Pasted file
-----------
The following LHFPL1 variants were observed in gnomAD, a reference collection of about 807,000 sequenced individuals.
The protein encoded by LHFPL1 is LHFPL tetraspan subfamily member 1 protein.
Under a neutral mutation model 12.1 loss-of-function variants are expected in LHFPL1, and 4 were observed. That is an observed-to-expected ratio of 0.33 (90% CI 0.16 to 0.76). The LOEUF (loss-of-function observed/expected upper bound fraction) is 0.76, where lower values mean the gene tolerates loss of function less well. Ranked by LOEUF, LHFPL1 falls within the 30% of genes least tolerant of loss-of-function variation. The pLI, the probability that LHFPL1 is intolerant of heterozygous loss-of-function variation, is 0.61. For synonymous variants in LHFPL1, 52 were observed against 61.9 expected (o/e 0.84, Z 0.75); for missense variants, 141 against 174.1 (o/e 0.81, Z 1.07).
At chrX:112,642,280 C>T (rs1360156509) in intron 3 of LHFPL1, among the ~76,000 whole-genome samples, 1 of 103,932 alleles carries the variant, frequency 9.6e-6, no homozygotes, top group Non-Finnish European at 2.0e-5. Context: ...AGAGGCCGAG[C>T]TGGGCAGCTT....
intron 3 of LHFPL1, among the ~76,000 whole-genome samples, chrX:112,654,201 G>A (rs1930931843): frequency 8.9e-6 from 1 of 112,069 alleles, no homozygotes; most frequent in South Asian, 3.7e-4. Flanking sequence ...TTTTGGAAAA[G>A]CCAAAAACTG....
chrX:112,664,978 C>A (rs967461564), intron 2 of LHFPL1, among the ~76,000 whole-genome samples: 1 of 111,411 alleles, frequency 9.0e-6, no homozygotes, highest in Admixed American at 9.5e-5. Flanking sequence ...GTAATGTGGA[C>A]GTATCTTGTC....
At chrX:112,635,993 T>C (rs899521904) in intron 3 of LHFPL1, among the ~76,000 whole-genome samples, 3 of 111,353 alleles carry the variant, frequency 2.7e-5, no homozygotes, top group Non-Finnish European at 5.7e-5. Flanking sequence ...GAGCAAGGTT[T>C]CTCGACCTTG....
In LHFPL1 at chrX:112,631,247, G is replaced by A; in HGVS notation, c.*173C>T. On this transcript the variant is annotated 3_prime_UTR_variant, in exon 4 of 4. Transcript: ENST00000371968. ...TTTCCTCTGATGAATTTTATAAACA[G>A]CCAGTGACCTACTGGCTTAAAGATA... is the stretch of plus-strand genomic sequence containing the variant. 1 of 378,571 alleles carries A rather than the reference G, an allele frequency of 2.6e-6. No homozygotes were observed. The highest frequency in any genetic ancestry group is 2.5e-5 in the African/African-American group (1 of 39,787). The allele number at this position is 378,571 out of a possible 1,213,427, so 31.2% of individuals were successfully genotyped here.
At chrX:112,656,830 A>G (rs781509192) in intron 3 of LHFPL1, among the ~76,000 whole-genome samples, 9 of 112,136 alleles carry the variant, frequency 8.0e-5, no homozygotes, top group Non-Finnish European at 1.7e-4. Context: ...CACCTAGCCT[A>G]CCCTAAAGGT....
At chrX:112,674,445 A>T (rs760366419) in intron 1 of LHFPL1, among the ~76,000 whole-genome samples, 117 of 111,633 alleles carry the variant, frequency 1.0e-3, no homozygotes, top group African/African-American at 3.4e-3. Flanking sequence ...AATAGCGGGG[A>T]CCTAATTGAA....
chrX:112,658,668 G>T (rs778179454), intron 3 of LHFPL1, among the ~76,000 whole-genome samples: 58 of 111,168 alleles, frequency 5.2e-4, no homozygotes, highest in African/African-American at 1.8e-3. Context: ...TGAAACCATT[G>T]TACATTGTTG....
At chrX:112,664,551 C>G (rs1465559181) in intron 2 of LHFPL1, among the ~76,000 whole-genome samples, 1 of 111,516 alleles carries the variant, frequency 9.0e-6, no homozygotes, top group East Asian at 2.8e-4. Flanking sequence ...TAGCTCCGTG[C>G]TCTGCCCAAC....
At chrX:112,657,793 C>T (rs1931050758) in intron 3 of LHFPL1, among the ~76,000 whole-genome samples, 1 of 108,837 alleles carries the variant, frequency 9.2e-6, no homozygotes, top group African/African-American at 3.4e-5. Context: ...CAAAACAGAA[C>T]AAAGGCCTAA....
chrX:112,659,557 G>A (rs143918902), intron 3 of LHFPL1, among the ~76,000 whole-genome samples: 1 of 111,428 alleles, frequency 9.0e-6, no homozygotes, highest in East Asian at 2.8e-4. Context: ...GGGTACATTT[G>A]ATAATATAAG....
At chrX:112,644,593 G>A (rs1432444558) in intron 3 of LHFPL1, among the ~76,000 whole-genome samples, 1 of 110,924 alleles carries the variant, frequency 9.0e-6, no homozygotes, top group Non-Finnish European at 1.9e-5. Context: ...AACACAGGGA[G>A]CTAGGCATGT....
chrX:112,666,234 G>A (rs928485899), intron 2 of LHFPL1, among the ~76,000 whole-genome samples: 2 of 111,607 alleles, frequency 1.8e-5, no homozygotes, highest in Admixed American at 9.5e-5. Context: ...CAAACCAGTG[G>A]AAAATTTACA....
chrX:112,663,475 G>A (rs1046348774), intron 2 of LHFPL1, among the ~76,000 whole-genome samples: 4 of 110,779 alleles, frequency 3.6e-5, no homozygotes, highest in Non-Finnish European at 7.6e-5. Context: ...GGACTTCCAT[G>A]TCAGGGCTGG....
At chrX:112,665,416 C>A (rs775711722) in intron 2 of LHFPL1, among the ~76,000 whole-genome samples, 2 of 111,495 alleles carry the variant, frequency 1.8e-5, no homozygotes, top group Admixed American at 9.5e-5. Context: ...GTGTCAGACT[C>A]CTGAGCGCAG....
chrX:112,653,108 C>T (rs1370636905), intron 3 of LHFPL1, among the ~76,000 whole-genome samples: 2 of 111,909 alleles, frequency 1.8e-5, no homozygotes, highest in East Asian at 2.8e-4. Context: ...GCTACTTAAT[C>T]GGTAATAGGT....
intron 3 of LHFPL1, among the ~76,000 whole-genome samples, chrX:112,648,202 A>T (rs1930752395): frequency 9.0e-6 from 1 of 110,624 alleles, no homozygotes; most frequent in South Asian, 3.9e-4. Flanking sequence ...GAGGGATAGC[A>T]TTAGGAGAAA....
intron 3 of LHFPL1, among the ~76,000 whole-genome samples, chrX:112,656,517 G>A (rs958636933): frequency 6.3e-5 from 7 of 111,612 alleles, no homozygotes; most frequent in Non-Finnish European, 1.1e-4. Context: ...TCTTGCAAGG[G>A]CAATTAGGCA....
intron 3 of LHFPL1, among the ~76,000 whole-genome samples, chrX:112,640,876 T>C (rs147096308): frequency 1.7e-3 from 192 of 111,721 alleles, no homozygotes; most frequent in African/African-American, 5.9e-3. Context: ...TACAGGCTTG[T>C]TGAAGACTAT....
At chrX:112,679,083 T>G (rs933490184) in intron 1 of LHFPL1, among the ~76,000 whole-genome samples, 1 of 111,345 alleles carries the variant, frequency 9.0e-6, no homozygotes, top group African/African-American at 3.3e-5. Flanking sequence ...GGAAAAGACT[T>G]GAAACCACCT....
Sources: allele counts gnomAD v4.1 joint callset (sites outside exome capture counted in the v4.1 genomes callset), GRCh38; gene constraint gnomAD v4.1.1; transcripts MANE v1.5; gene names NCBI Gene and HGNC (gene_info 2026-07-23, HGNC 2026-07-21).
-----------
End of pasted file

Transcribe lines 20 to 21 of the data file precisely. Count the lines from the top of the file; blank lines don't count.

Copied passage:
intron 3 of LHFPL1, among the ~76,000 whole-genome samples, chrX:112,648,202 A>T (rs1930752395): frequency 9.0e-6 from 1 of 110,624 alleles, no homozygotes; most frequent in South Asian, 3.9e-4. Flanking sequence ...GAGGGATAGC[A>T]TTAGGAGAAA....
intron 3 of LHFPL1, among the ~76,000 whole-genome samples, chrX:112,656,517 G>A (rs958636933): frequency 6.3e-5 from 7 of 111,612 alleles, no homozygotes; most frequent in Non-Finnish European, 1.1e-4. Context: ...TCTTGCAAGG[G>A]CAATTAGGCA....